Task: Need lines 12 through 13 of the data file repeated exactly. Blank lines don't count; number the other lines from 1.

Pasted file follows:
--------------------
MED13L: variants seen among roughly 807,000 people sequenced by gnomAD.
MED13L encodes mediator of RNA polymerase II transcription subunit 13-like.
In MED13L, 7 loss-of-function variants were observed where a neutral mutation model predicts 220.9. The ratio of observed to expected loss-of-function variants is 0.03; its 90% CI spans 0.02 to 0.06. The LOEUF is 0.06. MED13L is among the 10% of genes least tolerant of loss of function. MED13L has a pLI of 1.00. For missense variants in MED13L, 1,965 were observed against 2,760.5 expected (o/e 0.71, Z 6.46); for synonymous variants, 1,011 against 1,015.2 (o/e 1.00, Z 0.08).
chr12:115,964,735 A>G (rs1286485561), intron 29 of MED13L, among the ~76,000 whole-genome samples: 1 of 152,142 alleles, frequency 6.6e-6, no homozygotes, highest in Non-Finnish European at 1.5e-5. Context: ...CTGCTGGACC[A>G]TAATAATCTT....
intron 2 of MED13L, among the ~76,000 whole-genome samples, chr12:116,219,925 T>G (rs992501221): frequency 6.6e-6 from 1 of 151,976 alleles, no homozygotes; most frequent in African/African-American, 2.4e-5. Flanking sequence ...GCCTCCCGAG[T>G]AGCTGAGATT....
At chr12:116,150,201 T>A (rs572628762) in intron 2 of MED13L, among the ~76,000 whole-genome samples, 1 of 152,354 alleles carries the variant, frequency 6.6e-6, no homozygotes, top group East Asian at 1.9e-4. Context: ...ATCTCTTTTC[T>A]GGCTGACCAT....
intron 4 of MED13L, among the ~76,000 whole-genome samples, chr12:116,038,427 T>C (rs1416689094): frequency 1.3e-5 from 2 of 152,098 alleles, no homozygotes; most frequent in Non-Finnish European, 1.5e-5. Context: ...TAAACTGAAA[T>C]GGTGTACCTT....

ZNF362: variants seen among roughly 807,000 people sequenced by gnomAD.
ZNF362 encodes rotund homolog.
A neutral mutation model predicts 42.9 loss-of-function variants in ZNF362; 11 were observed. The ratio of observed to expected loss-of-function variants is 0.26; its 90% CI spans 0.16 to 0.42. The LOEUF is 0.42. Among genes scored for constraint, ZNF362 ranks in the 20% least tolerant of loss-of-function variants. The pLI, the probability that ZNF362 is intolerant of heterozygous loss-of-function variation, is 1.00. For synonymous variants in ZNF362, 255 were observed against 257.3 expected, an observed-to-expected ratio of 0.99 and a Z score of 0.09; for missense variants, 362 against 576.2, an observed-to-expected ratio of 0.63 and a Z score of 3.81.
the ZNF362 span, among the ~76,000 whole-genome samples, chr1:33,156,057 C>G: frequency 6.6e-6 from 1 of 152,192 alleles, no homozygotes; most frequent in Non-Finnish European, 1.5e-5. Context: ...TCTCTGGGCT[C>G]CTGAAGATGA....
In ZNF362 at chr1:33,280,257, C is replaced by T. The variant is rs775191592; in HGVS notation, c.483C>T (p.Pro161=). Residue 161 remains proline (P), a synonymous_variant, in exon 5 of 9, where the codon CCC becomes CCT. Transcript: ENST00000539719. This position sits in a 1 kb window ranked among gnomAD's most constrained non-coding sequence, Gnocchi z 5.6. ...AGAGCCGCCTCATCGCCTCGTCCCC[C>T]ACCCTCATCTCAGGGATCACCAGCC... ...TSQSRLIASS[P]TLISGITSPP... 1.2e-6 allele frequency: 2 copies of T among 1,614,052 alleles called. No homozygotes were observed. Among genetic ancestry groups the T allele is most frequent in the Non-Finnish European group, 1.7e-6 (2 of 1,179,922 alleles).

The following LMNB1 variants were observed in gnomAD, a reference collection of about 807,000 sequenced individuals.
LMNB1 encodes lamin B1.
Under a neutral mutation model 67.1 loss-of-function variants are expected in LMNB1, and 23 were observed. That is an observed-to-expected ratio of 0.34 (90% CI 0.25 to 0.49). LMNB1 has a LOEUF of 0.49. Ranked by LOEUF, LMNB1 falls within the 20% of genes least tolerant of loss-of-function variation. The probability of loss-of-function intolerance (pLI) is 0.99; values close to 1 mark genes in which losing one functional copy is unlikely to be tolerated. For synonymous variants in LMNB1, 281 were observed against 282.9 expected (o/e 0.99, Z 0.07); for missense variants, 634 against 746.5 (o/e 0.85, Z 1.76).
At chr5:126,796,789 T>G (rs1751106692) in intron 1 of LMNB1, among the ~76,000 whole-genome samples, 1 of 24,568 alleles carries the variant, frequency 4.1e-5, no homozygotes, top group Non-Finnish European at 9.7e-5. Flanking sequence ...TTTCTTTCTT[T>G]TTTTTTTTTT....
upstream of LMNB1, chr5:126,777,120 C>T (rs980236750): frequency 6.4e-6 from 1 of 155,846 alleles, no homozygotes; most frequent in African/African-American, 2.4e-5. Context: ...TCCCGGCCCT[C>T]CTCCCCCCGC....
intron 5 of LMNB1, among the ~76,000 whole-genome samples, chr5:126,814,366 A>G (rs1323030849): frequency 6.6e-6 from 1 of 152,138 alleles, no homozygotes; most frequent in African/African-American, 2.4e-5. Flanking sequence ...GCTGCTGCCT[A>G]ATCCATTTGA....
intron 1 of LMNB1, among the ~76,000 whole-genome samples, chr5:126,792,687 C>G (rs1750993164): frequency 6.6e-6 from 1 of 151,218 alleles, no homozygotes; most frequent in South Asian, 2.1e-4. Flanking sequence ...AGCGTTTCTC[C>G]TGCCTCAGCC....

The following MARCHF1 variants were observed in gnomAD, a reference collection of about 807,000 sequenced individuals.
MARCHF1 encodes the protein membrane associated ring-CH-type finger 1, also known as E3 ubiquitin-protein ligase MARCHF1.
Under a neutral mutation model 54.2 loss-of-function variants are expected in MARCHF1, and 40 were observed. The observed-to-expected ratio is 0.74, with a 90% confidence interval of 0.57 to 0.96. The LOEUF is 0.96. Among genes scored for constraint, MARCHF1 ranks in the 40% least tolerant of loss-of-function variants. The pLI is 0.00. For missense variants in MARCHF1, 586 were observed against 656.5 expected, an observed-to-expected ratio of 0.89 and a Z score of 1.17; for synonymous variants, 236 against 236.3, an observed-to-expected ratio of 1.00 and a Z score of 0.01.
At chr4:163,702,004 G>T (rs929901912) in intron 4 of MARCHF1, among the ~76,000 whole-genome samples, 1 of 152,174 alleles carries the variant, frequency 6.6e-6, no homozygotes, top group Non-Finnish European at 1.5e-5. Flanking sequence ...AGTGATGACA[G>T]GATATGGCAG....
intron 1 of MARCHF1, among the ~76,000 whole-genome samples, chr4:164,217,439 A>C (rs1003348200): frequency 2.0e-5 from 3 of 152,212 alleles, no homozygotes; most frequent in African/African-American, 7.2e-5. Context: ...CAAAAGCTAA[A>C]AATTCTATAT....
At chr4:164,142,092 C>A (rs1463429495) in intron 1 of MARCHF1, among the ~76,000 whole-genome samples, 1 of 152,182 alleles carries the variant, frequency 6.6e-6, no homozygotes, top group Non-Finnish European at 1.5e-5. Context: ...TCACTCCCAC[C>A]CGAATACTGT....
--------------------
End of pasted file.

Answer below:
In ZNF362 at chr1:33,280,257, C is replaced by T. The variant is rs775191592; in HGVS notation, c.483C>T (p.Pro161=). Residue 161 remains proline (P), a synonymous_variant, in exon 5 of 9, where the codon CCC becomes CCT. Transcript: ENST00000539719. This position sits in a 1 kb window ranked among gnomAD's most constrained non-coding sequence, Gnocchi z 5.6. ...AGAGCCGCCTCATCGCCTCGTCCCC[C>T]ACCCTCATCTCAGGGATCACCAGCC... ...TSQSRLIASS[P]TLISGITSPP... 1.2e-6 allele frequency: 2 copies of T among 1,614,052 alleles called. No homozygotes were observed. Among genetic ancestry groups the T allele is most frequent in the Non-Finnish European group, 1.7e-6 (2 of 1,179,922 alleles).

The following LMNB1 variants were observed in gnomAD, a reference collection of about 807,000 sequenced individuals.